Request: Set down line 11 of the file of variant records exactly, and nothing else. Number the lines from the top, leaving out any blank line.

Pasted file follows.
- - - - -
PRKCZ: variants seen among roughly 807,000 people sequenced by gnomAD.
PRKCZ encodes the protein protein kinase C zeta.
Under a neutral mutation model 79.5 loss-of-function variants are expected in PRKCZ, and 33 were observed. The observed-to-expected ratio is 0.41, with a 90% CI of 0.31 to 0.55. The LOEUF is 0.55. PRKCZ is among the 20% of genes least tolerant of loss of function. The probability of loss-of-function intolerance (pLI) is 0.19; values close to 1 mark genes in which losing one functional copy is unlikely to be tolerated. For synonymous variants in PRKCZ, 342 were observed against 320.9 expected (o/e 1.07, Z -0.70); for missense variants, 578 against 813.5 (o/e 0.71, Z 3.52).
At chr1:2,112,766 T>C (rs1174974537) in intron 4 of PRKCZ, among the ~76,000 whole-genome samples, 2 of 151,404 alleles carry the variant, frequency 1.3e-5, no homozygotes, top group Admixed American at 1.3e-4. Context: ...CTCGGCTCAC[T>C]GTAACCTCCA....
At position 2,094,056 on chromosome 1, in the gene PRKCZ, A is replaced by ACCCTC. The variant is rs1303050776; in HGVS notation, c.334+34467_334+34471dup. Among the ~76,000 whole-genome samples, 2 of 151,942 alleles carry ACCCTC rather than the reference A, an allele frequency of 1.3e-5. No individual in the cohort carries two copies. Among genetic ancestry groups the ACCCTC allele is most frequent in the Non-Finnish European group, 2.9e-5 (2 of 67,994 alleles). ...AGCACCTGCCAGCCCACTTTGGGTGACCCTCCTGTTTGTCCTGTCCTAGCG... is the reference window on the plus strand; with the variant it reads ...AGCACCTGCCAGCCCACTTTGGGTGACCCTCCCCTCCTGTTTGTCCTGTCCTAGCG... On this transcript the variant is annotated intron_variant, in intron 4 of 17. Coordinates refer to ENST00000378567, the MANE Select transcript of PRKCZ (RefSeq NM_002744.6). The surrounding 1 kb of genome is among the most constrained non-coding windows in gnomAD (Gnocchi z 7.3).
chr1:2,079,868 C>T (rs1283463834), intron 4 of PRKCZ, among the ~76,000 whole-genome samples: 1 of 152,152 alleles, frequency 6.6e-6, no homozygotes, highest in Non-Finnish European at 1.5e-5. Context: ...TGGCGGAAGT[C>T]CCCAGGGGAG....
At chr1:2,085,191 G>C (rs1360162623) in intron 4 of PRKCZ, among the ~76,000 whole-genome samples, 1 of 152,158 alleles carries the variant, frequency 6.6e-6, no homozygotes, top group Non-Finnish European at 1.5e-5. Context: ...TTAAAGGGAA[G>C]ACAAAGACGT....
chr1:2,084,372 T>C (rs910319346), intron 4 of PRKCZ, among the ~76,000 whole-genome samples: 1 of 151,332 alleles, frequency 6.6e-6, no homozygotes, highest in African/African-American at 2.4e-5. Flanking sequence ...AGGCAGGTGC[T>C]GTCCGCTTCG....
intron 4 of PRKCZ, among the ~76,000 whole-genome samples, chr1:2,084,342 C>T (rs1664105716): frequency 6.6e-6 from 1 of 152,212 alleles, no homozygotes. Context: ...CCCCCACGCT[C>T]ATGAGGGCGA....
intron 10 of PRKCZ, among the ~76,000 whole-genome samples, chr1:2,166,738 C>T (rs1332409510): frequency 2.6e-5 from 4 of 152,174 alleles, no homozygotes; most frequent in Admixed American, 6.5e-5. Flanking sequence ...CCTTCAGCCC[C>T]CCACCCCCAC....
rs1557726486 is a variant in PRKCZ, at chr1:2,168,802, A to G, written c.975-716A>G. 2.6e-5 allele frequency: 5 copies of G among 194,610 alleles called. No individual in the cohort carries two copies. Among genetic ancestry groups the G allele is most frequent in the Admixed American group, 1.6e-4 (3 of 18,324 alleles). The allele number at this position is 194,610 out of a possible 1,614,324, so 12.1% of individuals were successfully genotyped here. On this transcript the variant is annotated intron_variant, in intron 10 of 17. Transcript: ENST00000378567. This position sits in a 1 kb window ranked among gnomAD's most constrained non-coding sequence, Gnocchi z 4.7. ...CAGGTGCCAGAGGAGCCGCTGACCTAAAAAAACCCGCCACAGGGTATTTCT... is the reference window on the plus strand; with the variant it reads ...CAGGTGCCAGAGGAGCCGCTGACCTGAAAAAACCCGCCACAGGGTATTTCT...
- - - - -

rs1557726486 is a variant in PRKCZ, at chr1:2,168,802, A to G, written c.975-716A>G. 2.6e-5 allele frequency: 5 copies of G among 194,610 alleles called. No individual in the cohort carries two copies. Among genetic ancestry groups the G allele is most frequent in the Admixed American group, 1.6e-4 (3 of 18,324 alleles). The allele number at this position is 194,610 out of a possible 1,614,324, so 12.1% of individuals were successfully genotyped here. On this transcript the variant is annotated intron_variant, in intron 10 of 17. Transcript: ENST00000378567. This position sits in a 1 kb window ranked among gnomAD's most constrained non-coding sequence, Gnocchi z 4.7. ...CAGGTGCCAGAGGAGCCGCTGACCTAAAAAAACCCGCCACAGGGTATTTCT... is the reference window on the plus strand; with the variant it reads ...CAGGTGCCAGAGGAGCCGCTGACCTGAAAAAACCCGCCACAGGGTATTTCT...